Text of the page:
(Editor's note: This article was originally published on June 29, 2017.)
Recently I covered the top 5 considerations for planning your Office 365 migration; today I am going to dive into the identity management aspects. When adopting Office 365, the options you choose will affect the user experience, so what will you provide? From cloud-only, SSO, Active Directory Federation Servers, and third-party options, we’ll go over the insights you need to be successful.
What should you do?
Well, I unfortunately need to give you the consulting answer—it depends! Your organizational culture and business expectations are the driving force behind the answer. So, the real question for you is, what are my options and what should I be thinking about?
I put together a checklist of questions that you should start with. Make sure you answer these before you begin any planning, and if you don’t have an answer, do the necessary research to find it. This will help tremendously moving forward.
- Is this a pilot or POC? If yes, how close to a production example does this need to be?
- Are you okay with users logging in twice? I.e., once to their computer, and then again to access their email and Office applications?
- Do you already have Active Directory Federation Services deployed?
- Do you want SSO (single sign on) and/or seamless logon for Office 365 and other applications?
- Are you okay with managing two sets of user accounts, on-premises and in the cloud?
- Do you want users to manage their own cloud accounts?
- Will you synchronize your accounts from on-premises Active Directory to the cloud?
- Will you use two-factor authentication? (Soft-token, key fob, or biometrics?)
Now that you have answered these questions, review the options below to determine the right path for your enterprise.
Native Microsoft options
To get started, let’s look at the native Microsoft options for identity management. I am a huge fan of using native tools before spending money on third-party options, and would recommend that you do as well.
Cloud only approach: With this option, the accounts are created in Office 365, and two separate accounts are maintained—a user will have one local account and one in the cloud. Users will have to maintain their own cloud accounts, which may not be a good option. In addition, the experience is not completely seamless, since the user must log in a second time, likely with completely different credentials than they have on-premises.
I find that many organizations do not choose this as their final deployment option, but they do find it useful when they are trialing Office 365. If your organization doesn’t end up implementing Office 365, then there isn’t any integration that needs to be removed from your on-premises deployment.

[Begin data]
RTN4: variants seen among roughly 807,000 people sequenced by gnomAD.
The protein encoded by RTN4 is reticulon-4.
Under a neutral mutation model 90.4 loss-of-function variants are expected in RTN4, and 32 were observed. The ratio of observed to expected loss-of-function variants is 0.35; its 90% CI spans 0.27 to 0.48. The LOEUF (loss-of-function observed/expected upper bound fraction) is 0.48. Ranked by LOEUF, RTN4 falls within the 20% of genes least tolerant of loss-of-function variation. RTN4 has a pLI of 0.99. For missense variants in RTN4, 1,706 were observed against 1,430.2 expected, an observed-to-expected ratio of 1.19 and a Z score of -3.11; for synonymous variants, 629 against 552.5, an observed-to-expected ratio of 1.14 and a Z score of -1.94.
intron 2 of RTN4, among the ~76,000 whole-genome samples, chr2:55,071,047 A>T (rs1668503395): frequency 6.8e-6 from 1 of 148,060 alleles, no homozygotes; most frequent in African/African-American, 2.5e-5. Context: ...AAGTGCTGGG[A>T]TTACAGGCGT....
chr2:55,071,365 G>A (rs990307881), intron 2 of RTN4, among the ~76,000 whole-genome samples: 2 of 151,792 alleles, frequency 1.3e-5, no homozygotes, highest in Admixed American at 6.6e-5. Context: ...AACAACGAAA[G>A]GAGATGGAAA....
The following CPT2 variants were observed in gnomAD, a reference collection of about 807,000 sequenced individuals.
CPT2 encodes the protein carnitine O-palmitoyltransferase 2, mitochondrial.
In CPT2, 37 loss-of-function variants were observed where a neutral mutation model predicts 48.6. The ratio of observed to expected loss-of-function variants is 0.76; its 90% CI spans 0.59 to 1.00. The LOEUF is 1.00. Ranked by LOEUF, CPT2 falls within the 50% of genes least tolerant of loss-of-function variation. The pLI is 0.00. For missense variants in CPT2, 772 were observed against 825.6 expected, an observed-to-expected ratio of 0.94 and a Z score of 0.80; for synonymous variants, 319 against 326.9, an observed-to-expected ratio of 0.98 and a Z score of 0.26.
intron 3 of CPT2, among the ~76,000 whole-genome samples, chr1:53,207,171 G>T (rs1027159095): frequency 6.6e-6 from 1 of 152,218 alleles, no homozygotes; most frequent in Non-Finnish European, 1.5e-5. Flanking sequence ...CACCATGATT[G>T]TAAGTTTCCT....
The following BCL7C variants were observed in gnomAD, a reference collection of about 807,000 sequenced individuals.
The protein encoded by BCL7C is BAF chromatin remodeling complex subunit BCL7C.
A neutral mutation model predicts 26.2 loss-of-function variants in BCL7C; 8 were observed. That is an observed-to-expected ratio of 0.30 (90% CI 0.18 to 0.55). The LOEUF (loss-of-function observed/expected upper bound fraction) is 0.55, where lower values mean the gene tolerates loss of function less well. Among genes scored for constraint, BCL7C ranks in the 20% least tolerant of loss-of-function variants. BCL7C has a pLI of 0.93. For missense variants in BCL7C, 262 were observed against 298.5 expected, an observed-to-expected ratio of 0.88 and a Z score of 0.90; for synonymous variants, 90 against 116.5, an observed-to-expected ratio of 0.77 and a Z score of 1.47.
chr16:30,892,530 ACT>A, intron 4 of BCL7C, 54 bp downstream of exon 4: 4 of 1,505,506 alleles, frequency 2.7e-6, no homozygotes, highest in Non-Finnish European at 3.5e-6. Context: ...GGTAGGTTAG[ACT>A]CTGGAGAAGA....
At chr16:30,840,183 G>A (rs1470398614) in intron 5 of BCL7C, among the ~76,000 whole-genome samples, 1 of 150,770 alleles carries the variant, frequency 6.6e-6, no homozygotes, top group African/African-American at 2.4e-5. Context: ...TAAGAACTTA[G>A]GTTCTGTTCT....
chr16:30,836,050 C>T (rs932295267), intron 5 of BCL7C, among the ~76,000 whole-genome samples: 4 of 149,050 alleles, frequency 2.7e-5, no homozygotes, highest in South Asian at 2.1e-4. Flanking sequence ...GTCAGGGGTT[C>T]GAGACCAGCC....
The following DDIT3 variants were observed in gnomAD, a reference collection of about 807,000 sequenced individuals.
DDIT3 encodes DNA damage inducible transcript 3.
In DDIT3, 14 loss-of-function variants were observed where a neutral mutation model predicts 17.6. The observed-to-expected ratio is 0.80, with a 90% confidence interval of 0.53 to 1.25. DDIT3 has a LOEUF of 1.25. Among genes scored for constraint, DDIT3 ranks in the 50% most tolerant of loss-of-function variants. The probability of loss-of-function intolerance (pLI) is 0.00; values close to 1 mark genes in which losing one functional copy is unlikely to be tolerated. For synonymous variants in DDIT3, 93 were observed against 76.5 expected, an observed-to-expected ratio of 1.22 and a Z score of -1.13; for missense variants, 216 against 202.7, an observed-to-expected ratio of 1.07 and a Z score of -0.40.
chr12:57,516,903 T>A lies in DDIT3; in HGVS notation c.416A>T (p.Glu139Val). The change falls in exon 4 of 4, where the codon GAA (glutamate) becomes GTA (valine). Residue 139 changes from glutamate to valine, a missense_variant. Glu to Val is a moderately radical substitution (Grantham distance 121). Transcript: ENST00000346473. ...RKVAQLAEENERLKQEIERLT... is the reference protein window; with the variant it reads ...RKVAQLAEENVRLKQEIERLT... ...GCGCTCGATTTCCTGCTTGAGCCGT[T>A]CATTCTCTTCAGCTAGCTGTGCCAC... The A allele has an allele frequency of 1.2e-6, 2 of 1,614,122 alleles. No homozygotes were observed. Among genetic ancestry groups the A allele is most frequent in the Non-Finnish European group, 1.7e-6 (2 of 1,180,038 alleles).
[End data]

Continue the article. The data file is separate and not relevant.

Synchronized: The synchronized option is the one that you may have heard the most about, because it is the most common choice for Office 365 migrations. It is typically used in hybrid migrations, and provides a rollback option if you change your mind. A tool called Azure Active Directory Connect is implemented and synchronizes your on-premises accounts into Office 365. This connector has built-in hash protection to secure your information over the wire during the synchronization process.
From an impact perspective, synchronized accounts allow your team to use the same account and login information that they use on-premises. However, I have found that this with option, users will still have to login twice—once to their PC, and then again to Office 365. Most organizations also choose to continue to provision accounts on-premises, which is less disruptive to internal workflows.
Active Directory Federation Services (ADFS): More and more organizations are looking to federation only when they already have ADFS deployed. You may have done this if you are federating third-party Active Directory accounts in a business-to-business collaboration scenario. So, if this is the case today, there are some key benefits. By configuring ADFS for Office 365, your accounts can be provisioned on-premises, and when users login they only login once for everything, creating a truly seamless user experience.
I find that when organizations do not already have ADFS, but want a seamless experience, will then typically look to third-party tools instead. The reason is that the complexity of setting up ADFS for Office 365 doesn’t have a time-to-cost benefit.
I am not going to make any specific vendor recommendations, but what I am seeing in industry is that if your end-user experience goal is to provide an option that is as seamless as possible, then you should be strongly consider third-party options. They can enable just one password to login to everything, with a fully seamless SSO experience. With many of the choices out there, you can start with just Office 365, and then expand to other applications as it makes sense for your organization. Your account provisioning can also remain on-premises with third-party tools, so that workflow is not disrupted, either.
As IT shifts in the direction of giving higher priority to the user experience, planning and deployment should be more thoughtful than ever. Not that careful planning ever wasn’t important, but there used to be a time when user interruption was the norm. Those days are gone, and choosing the right identity management solution for your Office 365 deployment is very important to being successful.